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Biden: Romney presidency ominous picture

July 12, 2012 at 11 p.m.


HOUSTON (AP) - Vice President Joe Biden rallied support for President Barack Obama before the nation's largest civil rights organization on Thursday, declaring that Republican challenger Mitt Romney's election-year agenda would hurt - not help - working families in the black community.

Biden, appearing before the NAACP's annual convention one day after Romney addressed the group, offered what amounted to a rebuttal of the Republican rival as both campaigns sought support from a key constituency in several swing states.

The vice president did not specifically cite Romney's argument to the NAACP on Wednesday that he could serve African-Americans better than Obama, the nation's first black president. Romney was booed when he said he'd repeal Obama's sweeping health care reform law but otherwise got a polite reception as he reached out to a traditionally Democratic voting bloc.

Biden predictably drew a far more rousing reception as he outlined differences between Obama and Romney on health care, education, energy, women's rights and research, saying the two rivals had "fundamentally different visions."

Biden offered a rundown of Obama's first term, pointing to a landmark health care law, launching the mission that killed al-Qaida leader Osama bin Laden and the decision to rescue the financial system and U.S. automakers General Motors and Chrysler.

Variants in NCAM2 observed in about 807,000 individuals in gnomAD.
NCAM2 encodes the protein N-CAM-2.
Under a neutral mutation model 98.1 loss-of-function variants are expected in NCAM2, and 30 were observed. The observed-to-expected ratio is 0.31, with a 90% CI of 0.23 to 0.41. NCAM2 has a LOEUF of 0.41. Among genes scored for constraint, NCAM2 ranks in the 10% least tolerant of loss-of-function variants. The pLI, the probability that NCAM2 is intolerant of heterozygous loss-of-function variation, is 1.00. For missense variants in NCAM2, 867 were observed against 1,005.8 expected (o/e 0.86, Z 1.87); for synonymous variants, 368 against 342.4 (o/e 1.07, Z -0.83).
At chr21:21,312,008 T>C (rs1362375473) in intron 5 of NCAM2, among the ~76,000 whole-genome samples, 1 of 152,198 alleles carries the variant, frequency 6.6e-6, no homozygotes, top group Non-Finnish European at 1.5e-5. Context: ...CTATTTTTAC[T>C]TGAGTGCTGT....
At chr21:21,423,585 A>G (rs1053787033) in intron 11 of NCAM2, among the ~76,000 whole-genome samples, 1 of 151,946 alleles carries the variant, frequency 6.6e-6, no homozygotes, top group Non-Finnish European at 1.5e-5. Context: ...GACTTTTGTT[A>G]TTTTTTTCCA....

"I believe this election will come down to character, conviction and vision. And it will not surprise you - I don't think it's even a close call," Biden said. "So it's time, it's time for the NAACP to do what it's always done ... To stand up. Make our case. Stand our ground. And make real our vision for America."

Black voters are a key part of Obama's re-election strategy, with about 95 percent supporting him in 2008. Polls have shown black voters supporting Obama at comparable levels this year but Romney could undercut the president in states with large black communities, such as North Carolina, Virginia, Ohio and Florida, if he can persuade some black voters to support him or if they stay home on Election Day.

Romney said Wednesday that much more must be done to improve education in the nation's cities and noted that the 14.4 percent unemployment rate among blacks is higher than the 8.2 percent national average.

"If you understood who I truly am in my heart, and if it were possible to fully communicate what I believe is in the real, enduring best interest of African-American families, you would vote for me for president," Romney said.

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